Different preferences between / z / and / s / are notable contrasts between varieties of (educated) English. GA prefers or at least uses / s / in names such as Chrysler, Denise and Leslie in which GB usually employs / z /. A similar contrast occurs with the words blouse, erase and valise. In GA the suffix -ese may be heard with / s / which is hardly known in GB except in Peloponnese. Scottish English often has / z / for the c in December, but / s / for the first s in houses which is normally /`haʊzɪz/ in GA and GB.
Orthographic z is /s/ in blitz,
intermezzo, quartz, scherzo & schizophrenia.
Word-initial <s-> is /
ʃ / in sugar and sure, and at least a variant from s in loanwords chiefly from German
eg schnauzer, schnapps, spritzer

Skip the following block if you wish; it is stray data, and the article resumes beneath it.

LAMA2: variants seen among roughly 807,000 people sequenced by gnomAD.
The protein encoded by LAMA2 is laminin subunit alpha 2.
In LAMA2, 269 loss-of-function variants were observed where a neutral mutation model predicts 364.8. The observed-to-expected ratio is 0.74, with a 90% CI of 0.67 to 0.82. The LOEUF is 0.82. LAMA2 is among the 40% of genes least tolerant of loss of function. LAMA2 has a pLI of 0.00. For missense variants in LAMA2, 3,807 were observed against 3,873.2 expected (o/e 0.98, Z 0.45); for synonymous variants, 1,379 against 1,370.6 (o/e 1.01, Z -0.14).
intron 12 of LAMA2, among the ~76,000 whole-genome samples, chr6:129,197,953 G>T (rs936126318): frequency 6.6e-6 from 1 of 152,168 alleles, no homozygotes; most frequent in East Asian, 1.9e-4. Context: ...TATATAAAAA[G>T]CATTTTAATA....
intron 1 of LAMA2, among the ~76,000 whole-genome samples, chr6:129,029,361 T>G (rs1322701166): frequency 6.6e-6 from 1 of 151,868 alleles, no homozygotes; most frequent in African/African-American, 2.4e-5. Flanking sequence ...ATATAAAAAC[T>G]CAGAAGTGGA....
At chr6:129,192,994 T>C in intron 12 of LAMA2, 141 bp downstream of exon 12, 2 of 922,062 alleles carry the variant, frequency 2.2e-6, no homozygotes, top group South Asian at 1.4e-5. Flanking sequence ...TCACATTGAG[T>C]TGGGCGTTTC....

/ ʃ / is the regular value of word-final -tion, -lsion, -nsion and -ssion as in eg nation, compulsion, tension and session. Vowel plus -sion gives / -ʒn / eg in explosion.
The words issue and tissue have also / ʃ / for their <ss> more often than /s/ in GB and exclusively in GA.
/ʃ/ is represented by <ch> in a few words eg chivalry. Cf Chandos, Chicago, Michigan.
This is the value of the s when a vowel which is not immediately preceded by a consonant precedes the ending -sion.
Compare abrasion, collision, explosion, fusion, lesion etc with expansion, tension, compulsion etc.
Anomalously the t of equation much more often has / ʒ / than / ʃ /.
Any word ending with the spelling -r or -re when followed in close rhythmical connection with a vowel sound usually has such an r pronounced. Such an / r / is known as a linking / r /.
It is also normal in GB to insert a linking / r / between any word-final schwa and a rhythmically closely following vowel sound as in the idea of it / ði aɪ `dɪər əv ɪt /.